Season 4 Episode 149: Military Transition Q&A with Taylor Lau

On this episode of the Lessons Learned for Vets podcast, we bring you the first Q&A session of Season 4. Taylor Lau currently serves in Air Defense for the US Army and is scheduled to separate from the military in October of 2024 with terminal leave beginning in July. She is currently pursuing Sales Force certifications but is also open to working for a defense contractor.


What are the biggest pitfalls that plague transitioning service members as they make their move to the civilian workforce?

One of the biggest issues plaguing veterans is believing that people are going to be clamoring to hire you simply because you are a veteran. The fact that you are a veteran is valuable and so are the military training and skills you bring an employer. It is your responsibility to translate your value – your skills – to your employer. They want to know how you can help them and add value to their team. You must translate your skills on your resume, while you are networking and building your LinkedIn profile. Your marketing should be all about where you are going, not where you have been.


If a transitioning service member only has enough time to focus on one thing, what would you say that one thing should be?

Every transition is unique. With that said, having a focus is key to building a network. Tailoring your resume and creating an optimized LinkedIn profile are equally important. If you find yourself short on time, your first and most important step is to figure out what is next for you - not what is forever. Ask yourself what makes the most sense to target next so that you can leave the military and continue to provide for yourself and your family. Sit down and write a resume and fill out your LinkedIn profile that translates your military skills and showcases why you are qualified for that next role and start applying.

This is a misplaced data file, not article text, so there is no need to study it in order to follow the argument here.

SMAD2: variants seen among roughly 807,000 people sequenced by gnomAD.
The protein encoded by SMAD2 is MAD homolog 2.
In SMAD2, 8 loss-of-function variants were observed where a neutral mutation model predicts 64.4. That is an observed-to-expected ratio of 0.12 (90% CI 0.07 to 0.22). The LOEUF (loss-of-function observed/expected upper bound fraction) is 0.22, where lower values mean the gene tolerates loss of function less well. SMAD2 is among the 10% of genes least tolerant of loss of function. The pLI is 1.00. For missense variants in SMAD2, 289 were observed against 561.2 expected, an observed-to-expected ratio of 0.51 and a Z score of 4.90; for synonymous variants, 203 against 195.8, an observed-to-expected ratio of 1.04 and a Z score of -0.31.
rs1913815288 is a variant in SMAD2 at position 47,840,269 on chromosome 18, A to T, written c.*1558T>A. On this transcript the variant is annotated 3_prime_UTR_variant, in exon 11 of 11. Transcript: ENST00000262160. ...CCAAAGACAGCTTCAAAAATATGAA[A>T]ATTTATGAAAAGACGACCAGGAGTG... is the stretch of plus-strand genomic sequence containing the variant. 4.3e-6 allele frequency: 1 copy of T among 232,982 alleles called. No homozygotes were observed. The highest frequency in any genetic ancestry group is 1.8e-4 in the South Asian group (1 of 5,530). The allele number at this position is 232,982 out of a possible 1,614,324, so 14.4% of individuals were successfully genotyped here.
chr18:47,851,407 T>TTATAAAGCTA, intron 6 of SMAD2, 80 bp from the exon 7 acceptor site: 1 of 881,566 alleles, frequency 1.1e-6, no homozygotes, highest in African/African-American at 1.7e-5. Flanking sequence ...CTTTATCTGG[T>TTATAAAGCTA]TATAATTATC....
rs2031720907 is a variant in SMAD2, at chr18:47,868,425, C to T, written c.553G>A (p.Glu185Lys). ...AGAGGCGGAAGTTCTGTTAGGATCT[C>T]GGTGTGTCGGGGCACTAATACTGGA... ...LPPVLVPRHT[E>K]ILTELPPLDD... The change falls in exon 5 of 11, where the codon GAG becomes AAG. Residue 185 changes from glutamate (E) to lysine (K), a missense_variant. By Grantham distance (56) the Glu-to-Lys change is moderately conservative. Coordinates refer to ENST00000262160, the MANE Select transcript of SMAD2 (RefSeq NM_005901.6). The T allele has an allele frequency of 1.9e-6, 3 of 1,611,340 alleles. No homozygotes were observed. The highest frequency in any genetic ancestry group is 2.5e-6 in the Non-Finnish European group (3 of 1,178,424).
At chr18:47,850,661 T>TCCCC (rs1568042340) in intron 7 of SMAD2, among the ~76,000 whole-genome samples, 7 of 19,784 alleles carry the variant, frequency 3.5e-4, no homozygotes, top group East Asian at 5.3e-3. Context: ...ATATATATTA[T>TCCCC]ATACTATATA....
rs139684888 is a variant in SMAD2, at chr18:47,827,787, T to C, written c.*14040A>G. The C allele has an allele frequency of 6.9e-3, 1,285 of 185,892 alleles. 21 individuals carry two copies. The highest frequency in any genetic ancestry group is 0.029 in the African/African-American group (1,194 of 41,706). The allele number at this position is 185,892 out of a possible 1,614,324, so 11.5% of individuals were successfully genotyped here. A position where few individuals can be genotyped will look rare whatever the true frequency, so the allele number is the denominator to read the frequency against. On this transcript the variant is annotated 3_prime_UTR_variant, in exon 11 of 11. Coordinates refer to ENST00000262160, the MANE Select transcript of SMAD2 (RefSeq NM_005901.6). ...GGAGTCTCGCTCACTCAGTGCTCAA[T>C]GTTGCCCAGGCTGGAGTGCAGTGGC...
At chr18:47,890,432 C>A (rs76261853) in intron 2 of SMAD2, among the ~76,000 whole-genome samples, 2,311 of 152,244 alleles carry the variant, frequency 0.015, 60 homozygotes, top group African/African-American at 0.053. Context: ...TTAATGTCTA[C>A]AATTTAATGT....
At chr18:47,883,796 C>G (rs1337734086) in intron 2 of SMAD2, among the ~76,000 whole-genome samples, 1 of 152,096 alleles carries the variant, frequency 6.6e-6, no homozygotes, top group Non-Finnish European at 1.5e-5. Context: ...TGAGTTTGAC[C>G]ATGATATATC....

Once you land that first job and have an offer in hand, keep networking. Continue to look and apply for jobs and explore any certifications that can set yourself up for the next step.


What traits or strengths would you say the civilian world looks for that maybe the military tends to find less desirable?

The value of soft skills is often overlooked in the military. There are skills that service members develop such as communication, empathy or getting a team to buy in that are valued in the civilian world. Veterans will often notice the value that civilian coworkers place on a work life balance.


As Taylor approaches the end of her career in the military, she is reflecting on her various roles and asking herself what value and worth she can highlight to a future employer. It is the responsibility of the service member to articulate the importance of each military job.


Taylor recently made a post where she compared the military transition to walking on a lightly frozen lake. With the reality of a new chapter ahead of her, Taylor realizes that she must confidently keep moving forward. She understands that the uniform she wore gave her extra confidence and that it is now up to her to make a decision on how she is going to portray herself without the uniform. One of the biggest realizations that veterans have after leaving the military is the idea that they have the freedom to change and to pivot. Unlike the military, you have the freedom to change jobs or move locations when you want. The military transition can feel isolating and lonely. While no one else can go through the process for you, there are plenty of resources and veterans who will walk alongside you.


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